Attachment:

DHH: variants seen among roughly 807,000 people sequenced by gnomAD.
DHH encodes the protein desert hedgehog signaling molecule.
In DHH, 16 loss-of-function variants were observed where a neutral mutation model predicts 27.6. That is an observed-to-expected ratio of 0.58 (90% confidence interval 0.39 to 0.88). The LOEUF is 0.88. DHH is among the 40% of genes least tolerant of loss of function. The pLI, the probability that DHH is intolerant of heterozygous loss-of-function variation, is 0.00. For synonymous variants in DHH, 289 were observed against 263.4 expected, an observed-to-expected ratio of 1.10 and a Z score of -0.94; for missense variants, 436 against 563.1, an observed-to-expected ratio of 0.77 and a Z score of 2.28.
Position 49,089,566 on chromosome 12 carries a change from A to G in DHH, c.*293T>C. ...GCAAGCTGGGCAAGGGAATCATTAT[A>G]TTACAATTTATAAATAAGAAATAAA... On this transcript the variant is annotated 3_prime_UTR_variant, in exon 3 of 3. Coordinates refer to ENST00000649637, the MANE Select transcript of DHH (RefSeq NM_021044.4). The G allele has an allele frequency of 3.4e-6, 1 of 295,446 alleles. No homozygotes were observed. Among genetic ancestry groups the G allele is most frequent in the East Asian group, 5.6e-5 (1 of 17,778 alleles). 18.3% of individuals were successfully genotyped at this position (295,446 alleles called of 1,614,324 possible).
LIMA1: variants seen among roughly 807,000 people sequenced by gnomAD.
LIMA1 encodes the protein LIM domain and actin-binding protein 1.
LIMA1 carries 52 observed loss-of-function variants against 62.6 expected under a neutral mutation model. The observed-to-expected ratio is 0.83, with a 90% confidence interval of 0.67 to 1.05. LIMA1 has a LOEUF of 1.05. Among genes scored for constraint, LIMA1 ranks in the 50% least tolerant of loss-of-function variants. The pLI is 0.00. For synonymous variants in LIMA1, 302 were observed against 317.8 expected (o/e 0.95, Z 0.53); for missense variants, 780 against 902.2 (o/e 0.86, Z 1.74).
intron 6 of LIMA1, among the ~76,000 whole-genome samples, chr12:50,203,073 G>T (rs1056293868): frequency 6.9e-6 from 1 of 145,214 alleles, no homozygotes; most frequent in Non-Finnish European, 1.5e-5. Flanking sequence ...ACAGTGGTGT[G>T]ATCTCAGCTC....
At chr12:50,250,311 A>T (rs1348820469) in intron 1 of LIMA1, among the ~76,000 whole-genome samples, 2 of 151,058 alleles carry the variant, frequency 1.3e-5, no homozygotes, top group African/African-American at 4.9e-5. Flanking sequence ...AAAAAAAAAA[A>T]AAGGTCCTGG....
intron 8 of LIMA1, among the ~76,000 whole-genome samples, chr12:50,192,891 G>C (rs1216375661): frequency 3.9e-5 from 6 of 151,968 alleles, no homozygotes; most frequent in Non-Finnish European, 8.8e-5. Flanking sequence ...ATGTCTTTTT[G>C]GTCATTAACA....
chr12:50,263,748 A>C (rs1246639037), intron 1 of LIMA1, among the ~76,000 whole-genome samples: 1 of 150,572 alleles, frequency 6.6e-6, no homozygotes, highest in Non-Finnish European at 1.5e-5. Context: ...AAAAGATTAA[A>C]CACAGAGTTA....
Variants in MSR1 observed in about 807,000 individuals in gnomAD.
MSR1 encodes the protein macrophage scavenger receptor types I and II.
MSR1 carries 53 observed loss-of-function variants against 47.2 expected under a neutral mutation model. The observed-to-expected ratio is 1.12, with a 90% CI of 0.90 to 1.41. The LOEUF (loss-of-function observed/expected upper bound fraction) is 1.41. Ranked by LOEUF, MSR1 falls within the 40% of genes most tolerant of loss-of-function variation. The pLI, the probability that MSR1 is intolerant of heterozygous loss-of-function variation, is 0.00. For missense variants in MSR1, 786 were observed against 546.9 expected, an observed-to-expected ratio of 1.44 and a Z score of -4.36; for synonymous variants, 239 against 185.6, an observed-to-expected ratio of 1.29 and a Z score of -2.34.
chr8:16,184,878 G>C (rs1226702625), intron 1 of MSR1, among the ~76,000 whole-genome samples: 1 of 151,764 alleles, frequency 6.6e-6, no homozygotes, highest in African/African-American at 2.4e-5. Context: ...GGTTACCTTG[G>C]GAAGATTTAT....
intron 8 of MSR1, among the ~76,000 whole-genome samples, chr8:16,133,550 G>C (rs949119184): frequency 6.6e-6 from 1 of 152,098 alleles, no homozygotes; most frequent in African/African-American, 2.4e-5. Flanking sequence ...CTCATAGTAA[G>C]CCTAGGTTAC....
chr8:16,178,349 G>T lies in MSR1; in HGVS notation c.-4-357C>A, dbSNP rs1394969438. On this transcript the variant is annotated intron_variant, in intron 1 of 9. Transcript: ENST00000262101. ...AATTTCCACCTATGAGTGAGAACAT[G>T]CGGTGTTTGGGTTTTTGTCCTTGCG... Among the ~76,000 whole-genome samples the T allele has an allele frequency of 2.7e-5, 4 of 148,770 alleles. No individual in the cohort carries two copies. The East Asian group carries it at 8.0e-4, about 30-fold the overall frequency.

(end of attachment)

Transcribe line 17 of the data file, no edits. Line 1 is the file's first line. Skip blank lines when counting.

chr8:16,178,349 G>T lies in MSR1; in HGVS notation c.-4-357C>A, dbSNP rs1394969438. On this transcript the variant is annotated intron_variant, in intron 1 of 9. Transcript: ENST00000262101. ...AATTTCCACCTATGAGTGAGAACAT[G>T]CGGTGTTTGGGTTTTTGTCCTTGCG... Among the ~76,000 whole-genome samples the T allele has an allele frequency of 2.7e-5, 4 of 148,770 alleles. No individual in the cohort carries two copies. The East Asian group carries it at 8.0e-4, about 30-fold the overall frequency.